I met with four of the scientists. They showed me the piece. The information held in this 27-minutes should be required viewing for all Canadians. Yet here we have the national broadcasters saying "No"--refusing to broadcast scientific evidence of an important national issue.
Some of the smartest people in this country had come up against the keepers of the gates, when it comes to Canadian television. You will never hear their names, but they are the ones who pick and choose all documentaries that Canadians will get to see.
The Canadian government created an entity known as Telefilm and the Canadian Television Fund--a $250-million slush fund of taxpayers' dollars. A bureaucracy that in theory provides funds for the creation of Canadian programming. Hidden in this monolith are a few interesting rules:
- If you roll a camera before you get permission from them, you are not eligible for any funding.
- You must have a letter of licence from a broadcaster to qualify for funding.
- You can only apply twice a year.
Obviously, the scientists had contravened all of these rules. They had even paid to make the documentary with their own money. This is definitely a faux pas! I speak with considerable authority here.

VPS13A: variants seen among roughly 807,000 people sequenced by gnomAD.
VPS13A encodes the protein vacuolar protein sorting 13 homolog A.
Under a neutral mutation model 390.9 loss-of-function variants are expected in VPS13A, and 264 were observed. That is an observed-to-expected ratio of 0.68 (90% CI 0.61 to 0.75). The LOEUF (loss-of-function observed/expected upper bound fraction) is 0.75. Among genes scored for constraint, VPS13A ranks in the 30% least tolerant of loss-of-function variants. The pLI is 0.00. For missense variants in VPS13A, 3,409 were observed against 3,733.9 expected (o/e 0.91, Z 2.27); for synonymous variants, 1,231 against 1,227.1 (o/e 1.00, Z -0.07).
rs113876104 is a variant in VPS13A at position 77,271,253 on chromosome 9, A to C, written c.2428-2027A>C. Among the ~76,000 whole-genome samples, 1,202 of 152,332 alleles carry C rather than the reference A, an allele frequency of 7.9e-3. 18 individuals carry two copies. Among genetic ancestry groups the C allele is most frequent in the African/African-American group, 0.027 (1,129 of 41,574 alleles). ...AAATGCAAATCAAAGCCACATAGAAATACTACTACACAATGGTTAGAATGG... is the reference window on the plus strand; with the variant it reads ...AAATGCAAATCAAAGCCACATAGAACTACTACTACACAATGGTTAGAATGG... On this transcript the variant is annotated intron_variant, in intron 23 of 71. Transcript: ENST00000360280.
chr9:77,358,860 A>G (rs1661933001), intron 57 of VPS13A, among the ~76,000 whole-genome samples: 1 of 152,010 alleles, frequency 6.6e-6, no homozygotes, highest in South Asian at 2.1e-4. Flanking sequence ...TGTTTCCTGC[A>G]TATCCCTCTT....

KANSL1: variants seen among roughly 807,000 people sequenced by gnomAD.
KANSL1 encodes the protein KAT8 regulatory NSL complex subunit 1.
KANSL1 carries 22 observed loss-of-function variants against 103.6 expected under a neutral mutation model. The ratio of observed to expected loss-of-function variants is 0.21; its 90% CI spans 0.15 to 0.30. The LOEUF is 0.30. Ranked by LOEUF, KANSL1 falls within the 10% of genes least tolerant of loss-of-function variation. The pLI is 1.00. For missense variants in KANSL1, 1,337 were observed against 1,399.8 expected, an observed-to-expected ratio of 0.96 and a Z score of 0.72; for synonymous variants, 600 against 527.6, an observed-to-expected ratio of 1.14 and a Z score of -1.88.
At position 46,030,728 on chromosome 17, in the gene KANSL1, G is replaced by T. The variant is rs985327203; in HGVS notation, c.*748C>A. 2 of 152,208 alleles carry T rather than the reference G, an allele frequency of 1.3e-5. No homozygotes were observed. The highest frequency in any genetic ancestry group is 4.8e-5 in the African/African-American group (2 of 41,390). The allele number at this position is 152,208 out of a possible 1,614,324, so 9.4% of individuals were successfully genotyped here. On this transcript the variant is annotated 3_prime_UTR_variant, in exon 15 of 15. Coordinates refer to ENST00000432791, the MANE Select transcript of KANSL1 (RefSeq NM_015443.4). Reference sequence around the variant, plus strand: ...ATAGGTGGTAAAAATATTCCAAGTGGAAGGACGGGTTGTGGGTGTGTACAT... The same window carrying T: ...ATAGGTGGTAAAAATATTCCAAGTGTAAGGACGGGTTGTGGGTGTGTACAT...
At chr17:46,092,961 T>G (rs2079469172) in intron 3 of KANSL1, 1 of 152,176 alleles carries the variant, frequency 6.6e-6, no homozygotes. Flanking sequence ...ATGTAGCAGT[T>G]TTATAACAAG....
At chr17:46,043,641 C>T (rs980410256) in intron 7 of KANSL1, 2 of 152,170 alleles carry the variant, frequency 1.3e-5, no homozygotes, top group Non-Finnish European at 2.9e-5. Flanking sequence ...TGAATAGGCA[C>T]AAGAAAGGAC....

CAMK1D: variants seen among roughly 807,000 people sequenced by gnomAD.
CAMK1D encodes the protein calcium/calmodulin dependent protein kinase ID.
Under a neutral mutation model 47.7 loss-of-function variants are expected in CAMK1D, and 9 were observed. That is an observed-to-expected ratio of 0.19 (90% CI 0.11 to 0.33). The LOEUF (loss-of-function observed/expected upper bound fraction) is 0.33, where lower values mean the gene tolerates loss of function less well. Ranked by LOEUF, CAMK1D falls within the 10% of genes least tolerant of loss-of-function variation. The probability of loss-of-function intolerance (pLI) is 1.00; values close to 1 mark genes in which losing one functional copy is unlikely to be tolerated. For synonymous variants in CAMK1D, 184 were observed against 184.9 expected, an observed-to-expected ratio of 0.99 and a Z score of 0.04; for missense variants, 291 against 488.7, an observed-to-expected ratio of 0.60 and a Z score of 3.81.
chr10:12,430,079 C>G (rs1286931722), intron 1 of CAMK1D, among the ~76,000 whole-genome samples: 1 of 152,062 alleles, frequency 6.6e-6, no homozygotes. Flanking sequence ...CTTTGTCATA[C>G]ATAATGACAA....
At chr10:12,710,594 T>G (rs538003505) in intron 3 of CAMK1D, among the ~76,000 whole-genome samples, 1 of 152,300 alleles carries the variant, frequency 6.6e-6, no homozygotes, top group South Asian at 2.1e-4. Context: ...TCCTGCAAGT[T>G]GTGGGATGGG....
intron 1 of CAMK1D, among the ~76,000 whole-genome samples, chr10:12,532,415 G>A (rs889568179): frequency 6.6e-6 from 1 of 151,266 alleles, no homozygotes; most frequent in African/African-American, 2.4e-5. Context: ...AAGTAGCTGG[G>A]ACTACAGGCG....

Now, here they are with some of the most important information Canadians need to know about their climate--their very life's breath--and they can't tell Canadians.
The information they are trying to tell us runs absolutely in the face of that government information carried so thoroughly and convincingly by our national broadcasters, complete with the ads that most of us have seen--you know, the tonnes of matter in the air, you can cut down emissions, take the one tonne challenge, etc.
The national broadcasters are not going to run the documentary the scientists have produced.
This past weekend, in conjunction with the Alberta Motion Picture Industry Association awards, representatives of the major broadcasters met with groups of independent local producers in 45-minute sessions to dictate what types of programming they were looking for in the upcoming seasons.
Canada's best and brightest producers and directors (scientists included) have to "pitch" their envisioned documentary, using a two-page précis of its content and treatment.
Really, the pitch session is more of an opportunity to grovel for the attention of the broadcaster. The gatekeepers sit pompously and listen (maybe) to the producer's words and read the two pagers.
They actually give courses in how to write a pitch'--in other words, create whatever you think they need to hear. And then make it so in writing.